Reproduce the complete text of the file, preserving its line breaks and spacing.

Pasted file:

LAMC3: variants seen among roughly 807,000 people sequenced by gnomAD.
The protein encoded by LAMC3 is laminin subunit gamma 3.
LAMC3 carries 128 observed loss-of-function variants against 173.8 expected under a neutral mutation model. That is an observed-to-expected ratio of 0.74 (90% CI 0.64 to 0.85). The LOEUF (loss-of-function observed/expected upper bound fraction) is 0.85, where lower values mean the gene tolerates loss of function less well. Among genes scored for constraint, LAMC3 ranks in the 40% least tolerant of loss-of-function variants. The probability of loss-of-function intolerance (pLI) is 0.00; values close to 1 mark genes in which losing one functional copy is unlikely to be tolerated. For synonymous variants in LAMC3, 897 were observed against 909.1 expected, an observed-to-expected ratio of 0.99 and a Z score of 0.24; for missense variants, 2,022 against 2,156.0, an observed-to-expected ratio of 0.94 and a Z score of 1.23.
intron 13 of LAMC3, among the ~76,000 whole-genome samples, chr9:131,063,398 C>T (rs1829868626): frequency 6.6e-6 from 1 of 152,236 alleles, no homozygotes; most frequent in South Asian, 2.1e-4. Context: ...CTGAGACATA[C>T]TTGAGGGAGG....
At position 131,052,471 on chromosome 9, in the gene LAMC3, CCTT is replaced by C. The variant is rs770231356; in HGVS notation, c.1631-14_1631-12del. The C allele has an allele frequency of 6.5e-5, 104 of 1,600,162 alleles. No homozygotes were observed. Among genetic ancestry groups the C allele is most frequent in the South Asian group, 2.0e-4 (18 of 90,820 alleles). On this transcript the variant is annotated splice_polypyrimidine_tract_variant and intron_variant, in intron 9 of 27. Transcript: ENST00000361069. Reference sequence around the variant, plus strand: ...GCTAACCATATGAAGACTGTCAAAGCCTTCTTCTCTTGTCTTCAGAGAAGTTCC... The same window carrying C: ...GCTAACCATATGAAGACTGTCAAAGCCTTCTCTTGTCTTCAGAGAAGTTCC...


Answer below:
LAMC3: variants seen among roughly 807,000 people sequenced by gnomAD.
The protein encoded by LAMC3 is laminin subunit gamma 3.
LAMC3 carries 128 observed loss-of-function variants against 173.8 expected under a neutral mutation model. That is an observed-to-expected ratio of 0.74 (90% CI 0.64 to 0.85). The LOEUF (loss-of-function observed/expected upper bound fraction) is 0.85, where lower values mean the gene tolerates loss of function less well. Among genes scored for constraint, LAMC3 ranks in the 40% least tolerant of loss-of-function variants. The probability of loss-of-function intolerance (pLI) is 0.00; values close to 1 mark genes in which losing one functional copy is unlikely to be tolerated. For synonymous variants in LAMC3, 897 were observed against 909.1 expected, an observed-to-expected ratio of 0.99 and a Z score of 0.24; for missense variants, 2,022 against 2,156.0, an observed-to-expected ratio of 0.94 and a Z score of 1.23.
intron 13 of LAMC3, among the ~76,000 whole-genome samples, chr9:131,063,398 C>T (rs1829868626): frequency 6.6e-6 from 1 of 152,236 alleles, no homozygotes; most frequent in South Asian, 2.1e-4. Context: ...CTGAGACATA[C>T]TTGAGGGAGG....
At position 131,052,471 on chromosome 9, in the gene LAMC3, CCTT is replaced by C. The variant is rs770231356; in HGVS notation, c.1631-14_1631-12del. The C allele has an allele frequency of 6.5e-5, 104 of 1,600,162 alleles. No homozygotes were observed. Among genetic ancestry groups the C allele is most frequent in the South Asian group, 2.0e-4 (18 of 90,820 alleles). On this transcript the variant is annotated splice_polypyrimidine_tract_variant and intron_variant, in intron 9 of 27. Transcript: ENST00000361069. Reference sequence around the variant, plus strand: ...GCTAACCATATGAAGACTGTCAAAGCCTTCTTCTCTTGTCTTCAGAGAAGTTCC... The same window carrying C: ...GCTAACCATATGAAGACTGTCAAAGCCTTCTCTTGTCTTCAGAGAAGTTCC...